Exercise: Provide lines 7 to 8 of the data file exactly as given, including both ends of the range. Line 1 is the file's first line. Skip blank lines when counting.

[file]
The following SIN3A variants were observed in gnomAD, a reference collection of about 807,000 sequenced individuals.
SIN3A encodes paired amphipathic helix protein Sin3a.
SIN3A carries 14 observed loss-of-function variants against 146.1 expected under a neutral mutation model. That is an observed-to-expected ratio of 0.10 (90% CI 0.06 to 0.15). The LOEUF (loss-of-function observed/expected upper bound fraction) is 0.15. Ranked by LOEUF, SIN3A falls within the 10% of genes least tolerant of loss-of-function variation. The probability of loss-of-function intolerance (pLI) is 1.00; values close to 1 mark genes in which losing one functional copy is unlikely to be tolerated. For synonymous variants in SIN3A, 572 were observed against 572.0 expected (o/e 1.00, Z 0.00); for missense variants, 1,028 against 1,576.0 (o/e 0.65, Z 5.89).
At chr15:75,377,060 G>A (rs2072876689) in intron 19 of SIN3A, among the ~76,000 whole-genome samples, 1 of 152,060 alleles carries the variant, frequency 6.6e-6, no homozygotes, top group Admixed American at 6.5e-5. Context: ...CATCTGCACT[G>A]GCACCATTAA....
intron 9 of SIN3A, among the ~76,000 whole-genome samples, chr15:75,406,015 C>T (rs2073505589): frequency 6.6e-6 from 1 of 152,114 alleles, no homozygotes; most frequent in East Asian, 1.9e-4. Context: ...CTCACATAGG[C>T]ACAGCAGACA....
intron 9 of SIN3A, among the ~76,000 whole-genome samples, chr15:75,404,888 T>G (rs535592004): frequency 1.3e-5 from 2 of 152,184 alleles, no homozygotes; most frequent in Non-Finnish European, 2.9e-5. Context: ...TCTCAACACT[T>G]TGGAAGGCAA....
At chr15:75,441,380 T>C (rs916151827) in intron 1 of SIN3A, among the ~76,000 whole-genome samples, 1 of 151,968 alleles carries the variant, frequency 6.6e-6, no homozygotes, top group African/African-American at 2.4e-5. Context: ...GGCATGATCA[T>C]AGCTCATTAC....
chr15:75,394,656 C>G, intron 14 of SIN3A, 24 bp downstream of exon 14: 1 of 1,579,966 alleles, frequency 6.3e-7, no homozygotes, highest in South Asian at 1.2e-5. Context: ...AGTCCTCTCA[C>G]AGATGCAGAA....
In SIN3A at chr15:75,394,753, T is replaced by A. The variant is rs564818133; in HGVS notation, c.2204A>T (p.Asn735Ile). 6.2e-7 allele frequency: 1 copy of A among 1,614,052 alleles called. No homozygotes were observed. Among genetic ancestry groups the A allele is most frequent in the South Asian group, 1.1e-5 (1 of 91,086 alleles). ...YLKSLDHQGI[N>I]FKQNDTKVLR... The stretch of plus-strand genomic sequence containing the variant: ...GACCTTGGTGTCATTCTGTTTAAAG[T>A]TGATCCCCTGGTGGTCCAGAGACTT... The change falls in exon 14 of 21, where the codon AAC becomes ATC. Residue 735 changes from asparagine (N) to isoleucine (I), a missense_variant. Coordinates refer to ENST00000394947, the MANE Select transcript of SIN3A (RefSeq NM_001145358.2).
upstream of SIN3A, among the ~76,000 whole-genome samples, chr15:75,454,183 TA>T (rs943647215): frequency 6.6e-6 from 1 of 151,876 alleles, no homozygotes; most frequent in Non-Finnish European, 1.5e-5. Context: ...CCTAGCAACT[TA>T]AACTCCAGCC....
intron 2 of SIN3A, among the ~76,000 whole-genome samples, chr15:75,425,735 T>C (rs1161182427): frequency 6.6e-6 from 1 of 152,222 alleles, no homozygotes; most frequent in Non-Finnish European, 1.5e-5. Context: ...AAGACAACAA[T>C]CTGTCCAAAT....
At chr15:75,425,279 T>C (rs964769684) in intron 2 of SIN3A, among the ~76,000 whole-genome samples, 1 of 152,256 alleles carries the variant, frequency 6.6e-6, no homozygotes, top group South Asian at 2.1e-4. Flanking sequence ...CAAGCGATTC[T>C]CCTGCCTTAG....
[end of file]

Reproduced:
At chr15:75,441,380 T>C (rs916151827) in intron 1 of SIN3A, among the ~76,000 whole-genome samples, 1 of 151,968 alleles carries the variant, frequency 6.6e-6, no homozygotes, top group African/African-American at 2.4e-5. Context: ...GGCATGATCA[T>C]AGCTCATTAC....
chr15:75,394,656 C>G, intron 14 of SIN3A, 24 bp downstream of exon 14: 1 of 1,579,966 alleles, frequency 6.3e-7, no homozygotes, highest in South Asian at 1.2e-5. Context: ...AGTCCTCTCA[C>G]AGATGCAGAA....